I talked to an investigator for the Olmsted County Public Defenders Office last week. Now that I have been sentenced, Katie and I are no longer banned from communicating with each other. Part of my plan. This also means that I am allowed to testify on her behalf during her trial. D.A. didn’t see me coming! I plead down to 2nd degree possession, which means technically that I’m not a drug dealer,. Since she is charged with the same crimes as me, and double jeapardy can’t apply to me, I can finally take the rap for all of the dope. Something I probably should have done back in December, but, we don’t talk to cops. If they want to put people away, make ’em work for it.
COPS, technically an acronym, Constable on Patrol. I don’t know if cop has become an actual word in the English language yet.
KNOCK, KNOCK, KNOCK!
“Katie ____, open up! R.P.D!”
Katie and I stare at each other with blank expressions. She’s not ready. But there’s little choice. She has a D.O.C. warrant. She has to go if I stand a change. We say our good-byes. She opens the door and shuts it behind her. Two minutes later, more knocking.
Pissed off, I open the door. I say, “What?”
“Can you step outside and talk with me, please?” says the officer. I should have said no. I don’t know why I did a lot of things the way I did that night. But I stepped out. Big mistake. With my back turned, Katie asks if she can go in the room and get her purse. A cop says, “yeah.” Flashlight searching high and low for the purse on the bed, a cop spots a tiny bag of weed on the floor I had dropped earlier. Fuck! The other cop comes out and asks for my consent to search the room. And for whatever reason I will never know, I say, “Go ahead and search.” Ugh.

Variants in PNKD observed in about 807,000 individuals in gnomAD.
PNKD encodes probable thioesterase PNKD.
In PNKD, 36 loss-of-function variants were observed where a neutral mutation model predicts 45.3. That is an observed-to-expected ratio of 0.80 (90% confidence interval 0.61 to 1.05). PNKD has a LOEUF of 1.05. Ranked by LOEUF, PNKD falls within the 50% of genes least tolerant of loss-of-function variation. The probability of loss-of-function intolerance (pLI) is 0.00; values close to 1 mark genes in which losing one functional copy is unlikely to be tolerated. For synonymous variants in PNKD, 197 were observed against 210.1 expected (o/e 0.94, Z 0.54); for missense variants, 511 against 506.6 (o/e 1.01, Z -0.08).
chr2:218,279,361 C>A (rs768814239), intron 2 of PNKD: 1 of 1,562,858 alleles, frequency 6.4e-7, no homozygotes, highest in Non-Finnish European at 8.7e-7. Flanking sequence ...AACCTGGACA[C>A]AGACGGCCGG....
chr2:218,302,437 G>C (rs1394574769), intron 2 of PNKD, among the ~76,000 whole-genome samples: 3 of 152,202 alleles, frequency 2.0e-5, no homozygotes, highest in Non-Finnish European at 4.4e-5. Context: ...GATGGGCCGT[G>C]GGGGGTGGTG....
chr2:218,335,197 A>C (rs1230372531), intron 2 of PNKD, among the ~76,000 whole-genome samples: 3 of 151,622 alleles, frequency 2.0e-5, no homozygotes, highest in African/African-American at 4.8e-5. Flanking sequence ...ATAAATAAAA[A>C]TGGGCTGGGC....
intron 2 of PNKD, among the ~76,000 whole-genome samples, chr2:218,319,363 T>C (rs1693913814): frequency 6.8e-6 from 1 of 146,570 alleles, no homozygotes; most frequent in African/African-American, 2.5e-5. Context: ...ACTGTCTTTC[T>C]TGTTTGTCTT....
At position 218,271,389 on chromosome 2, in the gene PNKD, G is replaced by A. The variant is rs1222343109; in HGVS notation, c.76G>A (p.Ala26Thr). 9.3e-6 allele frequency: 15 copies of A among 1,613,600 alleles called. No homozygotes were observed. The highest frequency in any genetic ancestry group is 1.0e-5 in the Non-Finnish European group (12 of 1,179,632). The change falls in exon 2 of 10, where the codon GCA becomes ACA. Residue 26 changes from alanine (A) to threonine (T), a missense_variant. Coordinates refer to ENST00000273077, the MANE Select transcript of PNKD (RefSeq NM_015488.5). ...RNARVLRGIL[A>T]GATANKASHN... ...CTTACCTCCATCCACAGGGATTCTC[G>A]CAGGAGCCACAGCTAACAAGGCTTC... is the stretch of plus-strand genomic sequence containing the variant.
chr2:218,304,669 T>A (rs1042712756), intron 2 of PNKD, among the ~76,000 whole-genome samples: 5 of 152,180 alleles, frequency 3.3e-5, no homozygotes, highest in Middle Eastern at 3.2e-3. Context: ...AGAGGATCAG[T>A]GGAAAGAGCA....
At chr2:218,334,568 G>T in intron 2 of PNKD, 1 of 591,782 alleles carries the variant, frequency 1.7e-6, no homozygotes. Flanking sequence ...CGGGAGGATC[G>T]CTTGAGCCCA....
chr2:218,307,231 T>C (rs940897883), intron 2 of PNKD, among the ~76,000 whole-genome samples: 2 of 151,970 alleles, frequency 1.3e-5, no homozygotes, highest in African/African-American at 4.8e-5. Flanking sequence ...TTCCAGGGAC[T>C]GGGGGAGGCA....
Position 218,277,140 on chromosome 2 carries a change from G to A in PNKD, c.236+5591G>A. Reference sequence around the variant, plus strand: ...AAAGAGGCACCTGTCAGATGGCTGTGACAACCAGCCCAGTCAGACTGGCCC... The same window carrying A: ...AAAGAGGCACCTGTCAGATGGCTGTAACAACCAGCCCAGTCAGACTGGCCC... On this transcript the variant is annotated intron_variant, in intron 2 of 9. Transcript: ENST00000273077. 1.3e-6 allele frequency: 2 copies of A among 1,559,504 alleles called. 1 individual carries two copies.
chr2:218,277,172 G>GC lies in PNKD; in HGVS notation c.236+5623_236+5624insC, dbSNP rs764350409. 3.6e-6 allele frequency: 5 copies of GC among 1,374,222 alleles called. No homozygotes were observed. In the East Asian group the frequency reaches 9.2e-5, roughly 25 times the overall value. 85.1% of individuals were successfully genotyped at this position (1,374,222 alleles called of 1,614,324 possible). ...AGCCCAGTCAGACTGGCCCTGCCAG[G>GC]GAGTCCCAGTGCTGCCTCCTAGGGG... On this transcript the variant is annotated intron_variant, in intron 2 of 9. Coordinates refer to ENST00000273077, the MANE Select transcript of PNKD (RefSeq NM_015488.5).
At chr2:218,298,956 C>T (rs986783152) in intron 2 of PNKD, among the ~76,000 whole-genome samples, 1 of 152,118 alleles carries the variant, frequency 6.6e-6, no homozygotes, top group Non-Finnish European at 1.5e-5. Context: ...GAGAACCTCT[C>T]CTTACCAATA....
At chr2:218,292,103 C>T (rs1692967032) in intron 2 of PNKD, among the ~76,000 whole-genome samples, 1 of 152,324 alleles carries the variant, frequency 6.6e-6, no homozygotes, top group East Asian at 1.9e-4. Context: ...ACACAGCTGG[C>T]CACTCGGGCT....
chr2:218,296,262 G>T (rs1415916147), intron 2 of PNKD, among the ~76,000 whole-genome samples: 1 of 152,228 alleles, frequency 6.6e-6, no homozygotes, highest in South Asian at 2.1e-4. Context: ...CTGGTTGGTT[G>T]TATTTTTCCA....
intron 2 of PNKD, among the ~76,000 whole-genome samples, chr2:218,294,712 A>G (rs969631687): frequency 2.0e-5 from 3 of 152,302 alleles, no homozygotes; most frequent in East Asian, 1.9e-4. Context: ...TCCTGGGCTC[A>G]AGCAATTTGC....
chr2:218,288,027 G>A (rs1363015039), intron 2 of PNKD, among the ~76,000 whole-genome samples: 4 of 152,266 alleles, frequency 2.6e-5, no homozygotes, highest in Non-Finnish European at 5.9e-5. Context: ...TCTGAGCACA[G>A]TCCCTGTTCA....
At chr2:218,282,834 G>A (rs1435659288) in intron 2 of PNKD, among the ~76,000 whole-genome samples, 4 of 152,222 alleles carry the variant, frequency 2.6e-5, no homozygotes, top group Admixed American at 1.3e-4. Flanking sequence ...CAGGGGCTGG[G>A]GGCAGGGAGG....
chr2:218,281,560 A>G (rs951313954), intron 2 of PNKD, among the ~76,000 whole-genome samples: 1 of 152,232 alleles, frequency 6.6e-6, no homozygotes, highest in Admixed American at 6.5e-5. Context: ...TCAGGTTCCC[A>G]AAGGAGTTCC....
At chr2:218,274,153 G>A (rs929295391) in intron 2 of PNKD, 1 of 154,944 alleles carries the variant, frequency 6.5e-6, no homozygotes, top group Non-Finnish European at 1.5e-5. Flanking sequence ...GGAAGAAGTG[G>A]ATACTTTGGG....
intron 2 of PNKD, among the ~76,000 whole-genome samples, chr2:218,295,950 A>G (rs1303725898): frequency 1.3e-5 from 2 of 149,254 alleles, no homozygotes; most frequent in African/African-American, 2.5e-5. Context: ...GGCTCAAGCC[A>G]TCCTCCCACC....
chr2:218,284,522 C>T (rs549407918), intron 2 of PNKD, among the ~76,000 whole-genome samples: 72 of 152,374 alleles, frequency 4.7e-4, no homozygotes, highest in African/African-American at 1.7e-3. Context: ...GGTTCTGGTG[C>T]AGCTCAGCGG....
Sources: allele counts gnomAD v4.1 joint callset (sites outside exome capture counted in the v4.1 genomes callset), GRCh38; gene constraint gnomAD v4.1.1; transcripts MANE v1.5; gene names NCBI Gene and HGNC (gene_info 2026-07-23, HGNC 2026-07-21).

For fuck sake, who ever would look up in a light fixture when looking for dope? Everybody. Especially the cops. Out in the lobby I am casually chatting with officer Lou, who had pulled me over the week before for speeding and let me go, and the officers come out and say, “Who want to go to jail?” I raise my hand. The cuffs go on. Booked in for 1st degree sale of methamphetamine. [Editor’s…er, mom’s note: actually it was 4 felony charges for possession of meth, heroin, marijuana, and cocaine.]
Only murder is higher up in our state as far as sentencing. That’s right. Selling more than 10 grams of meth within 90 days in the State of Minnesota is punishable by up to 30 years in prison. Most first-time sex offenders are given probation. Granted, 30 years is for the most extreme meth cases, but all 1st degree controlled substance crimes carry mandatory minimum sentences. Fuck my life.